Temperature Measurement

Errors in Resistance type temperature measurement

The errors in resistance thermometry fall naturally into four main groups, all of the errors it is relatively easy to identify the causes and to separate the various functional elements in the construction

Immersion errors:

For resistance thermometry the sensing elements are large.

Ice points can be difficult, particularly with stainless steel sheathed PRTs; the combination of the thermally conductive sheath and the self-heating can make it difficult to realise the ice point to better than ±0.01 °C.

It is important that the ice is very fine and well packed. For measurements requiring accuracies better than ±0.01°C a water triple point should be used in preference.

Lag and settling errors:

The errors due to the response time of the meter. Time constants for PRTs vary considerably: 0.2 seconds for film types; 2 to 6 seconds for larger fully and partially supported types; 5 seconds for SPRTs; and 5 to 20 seconds for stainless steel sheathed assemblies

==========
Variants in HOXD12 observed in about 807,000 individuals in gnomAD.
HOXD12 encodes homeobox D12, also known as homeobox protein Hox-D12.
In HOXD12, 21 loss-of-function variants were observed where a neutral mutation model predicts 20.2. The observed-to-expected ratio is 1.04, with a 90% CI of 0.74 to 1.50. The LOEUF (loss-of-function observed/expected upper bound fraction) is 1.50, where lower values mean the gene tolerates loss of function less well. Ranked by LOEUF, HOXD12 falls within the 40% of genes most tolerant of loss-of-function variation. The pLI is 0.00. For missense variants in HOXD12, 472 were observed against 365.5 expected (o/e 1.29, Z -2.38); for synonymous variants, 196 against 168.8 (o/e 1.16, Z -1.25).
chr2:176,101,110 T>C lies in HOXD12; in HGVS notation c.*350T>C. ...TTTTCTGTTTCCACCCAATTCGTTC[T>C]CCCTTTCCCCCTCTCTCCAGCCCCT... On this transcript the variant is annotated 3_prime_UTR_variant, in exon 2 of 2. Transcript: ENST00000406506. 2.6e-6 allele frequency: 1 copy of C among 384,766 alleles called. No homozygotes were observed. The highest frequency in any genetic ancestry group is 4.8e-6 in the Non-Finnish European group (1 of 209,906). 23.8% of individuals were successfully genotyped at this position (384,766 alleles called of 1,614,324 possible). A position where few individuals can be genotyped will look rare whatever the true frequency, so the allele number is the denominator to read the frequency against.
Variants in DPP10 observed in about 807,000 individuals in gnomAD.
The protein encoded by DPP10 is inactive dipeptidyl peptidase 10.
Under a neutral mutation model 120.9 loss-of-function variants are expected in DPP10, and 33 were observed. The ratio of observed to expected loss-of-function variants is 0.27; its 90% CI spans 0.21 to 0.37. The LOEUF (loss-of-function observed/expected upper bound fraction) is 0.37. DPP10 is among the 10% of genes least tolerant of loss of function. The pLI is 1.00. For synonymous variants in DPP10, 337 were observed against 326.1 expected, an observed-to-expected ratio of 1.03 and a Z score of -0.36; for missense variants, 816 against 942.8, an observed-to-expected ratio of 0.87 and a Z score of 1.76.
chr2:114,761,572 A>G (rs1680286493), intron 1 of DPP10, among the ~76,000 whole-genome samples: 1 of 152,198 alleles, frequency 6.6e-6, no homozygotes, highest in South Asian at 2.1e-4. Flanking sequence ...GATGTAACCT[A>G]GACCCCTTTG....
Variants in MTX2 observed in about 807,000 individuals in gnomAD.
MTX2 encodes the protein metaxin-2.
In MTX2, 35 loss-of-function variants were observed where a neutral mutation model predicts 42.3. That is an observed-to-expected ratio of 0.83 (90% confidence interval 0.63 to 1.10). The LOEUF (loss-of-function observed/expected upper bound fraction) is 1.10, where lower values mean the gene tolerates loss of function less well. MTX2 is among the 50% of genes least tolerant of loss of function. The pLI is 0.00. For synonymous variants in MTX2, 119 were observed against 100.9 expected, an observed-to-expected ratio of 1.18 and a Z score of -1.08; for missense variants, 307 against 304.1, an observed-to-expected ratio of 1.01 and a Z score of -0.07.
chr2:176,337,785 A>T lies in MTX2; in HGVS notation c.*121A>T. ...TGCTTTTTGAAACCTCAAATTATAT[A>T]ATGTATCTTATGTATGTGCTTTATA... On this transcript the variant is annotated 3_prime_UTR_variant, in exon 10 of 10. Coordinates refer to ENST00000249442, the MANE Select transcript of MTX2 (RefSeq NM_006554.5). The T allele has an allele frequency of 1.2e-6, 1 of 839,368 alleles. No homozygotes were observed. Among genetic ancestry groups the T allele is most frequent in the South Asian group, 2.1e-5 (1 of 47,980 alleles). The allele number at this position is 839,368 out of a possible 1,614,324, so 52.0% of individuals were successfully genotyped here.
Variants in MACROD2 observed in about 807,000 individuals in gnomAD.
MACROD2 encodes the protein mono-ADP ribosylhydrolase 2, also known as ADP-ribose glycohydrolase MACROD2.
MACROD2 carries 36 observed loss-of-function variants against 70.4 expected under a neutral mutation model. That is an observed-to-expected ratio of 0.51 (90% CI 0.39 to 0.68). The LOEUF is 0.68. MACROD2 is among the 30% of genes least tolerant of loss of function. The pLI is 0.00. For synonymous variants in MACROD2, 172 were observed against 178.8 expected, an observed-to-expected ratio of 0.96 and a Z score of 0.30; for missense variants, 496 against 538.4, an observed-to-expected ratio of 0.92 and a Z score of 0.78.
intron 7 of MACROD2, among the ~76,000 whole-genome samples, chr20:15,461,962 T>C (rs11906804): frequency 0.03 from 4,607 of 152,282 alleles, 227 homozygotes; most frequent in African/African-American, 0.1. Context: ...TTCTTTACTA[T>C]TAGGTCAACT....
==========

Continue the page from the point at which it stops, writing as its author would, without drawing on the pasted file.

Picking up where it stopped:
Radiation errors:

The long-standing resistance thermometer sheath provides a transparent ‘ light pipe ‘ along which radiation can carry heat from and to the sensing element.

Because of the radiation the PRT is not only in thermal contact with the medium immediately surrounding the platinum element but is also in radiative contact with whatever it ‘sees’ down the sheath.


Because a current is passed through the sensing element to measure its resistance, the element dissipates heat, which in turn causes the temperature of the element to increase.

This self-heating error is very simply modelled as the power dissipated divided by the dissipation constant, h. The error in the temperature measurement is

where R(t) is the resistance of the sensing element and I is the sensing current. The dissipation constant h is normally expressed in milliwatts per degree Celsius.


Instrumentation Engineer

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